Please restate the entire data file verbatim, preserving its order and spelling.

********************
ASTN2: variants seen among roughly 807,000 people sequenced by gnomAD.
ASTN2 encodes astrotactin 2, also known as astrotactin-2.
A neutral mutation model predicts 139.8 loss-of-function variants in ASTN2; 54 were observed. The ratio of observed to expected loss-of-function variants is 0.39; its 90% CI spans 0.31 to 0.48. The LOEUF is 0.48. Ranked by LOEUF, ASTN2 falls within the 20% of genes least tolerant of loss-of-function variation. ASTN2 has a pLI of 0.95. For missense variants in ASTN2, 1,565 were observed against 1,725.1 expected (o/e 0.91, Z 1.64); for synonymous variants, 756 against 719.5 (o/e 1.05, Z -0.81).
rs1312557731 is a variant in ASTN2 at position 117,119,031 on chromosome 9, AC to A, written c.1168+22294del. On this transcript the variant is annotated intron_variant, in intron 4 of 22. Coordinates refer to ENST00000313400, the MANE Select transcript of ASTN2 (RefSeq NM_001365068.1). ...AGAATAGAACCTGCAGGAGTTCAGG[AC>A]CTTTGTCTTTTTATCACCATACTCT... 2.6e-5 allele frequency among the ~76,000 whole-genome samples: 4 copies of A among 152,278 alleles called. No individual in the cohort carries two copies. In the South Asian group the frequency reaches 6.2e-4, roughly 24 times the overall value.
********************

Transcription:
ASTN2: variants seen among roughly 807,000 people sequenced by gnomAD.
ASTN2 encodes astrotactin 2, also known as astrotactin-2.
A neutral mutation model predicts 139.8 loss-of-function variants in ASTN2; 54 were observed. The ratio of observed to expected loss-of-function variants is 0.39; its 90% CI spans 0.31 to 0.48. The LOEUF is 0.48. Ranked by LOEUF, ASTN2 falls within the 20% of genes least tolerant of loss-of-function variation. ASTN2 has a pLI of 0.95. For missense variants in ASTN2, 1,565 were observed against 1,725.1 expected (o/e 0.91, Z 1.64); for synonymous variants, 756 against 719.5 (o/e 1.05, Z -0.81).
rs1312557731 is a variant in ASTN2 at position 117,119,031 on chromosome 9, AC to A, written c.1168+22294del. On this transcript the variant is annotated intron_variant, in intron 4 of 22. Coordinates refer to ENST00000313400, the MANE Select transcript of ASTN2 (RefSeq NM_001365068.1). ...AGAATAGAACCTGCAGGAGTTCAGG[AC>A]CTTTGTCTTTTTATCACCATACTCT... 2.6e-5 allele frequency among the ~76,000 whole-genome samples: 4 copies of A among 152,278 alleles called. No individual in the cohort carries two copies. In the South Asian group the frequency reaches 6.2e-4, roughly 24 times the overall value.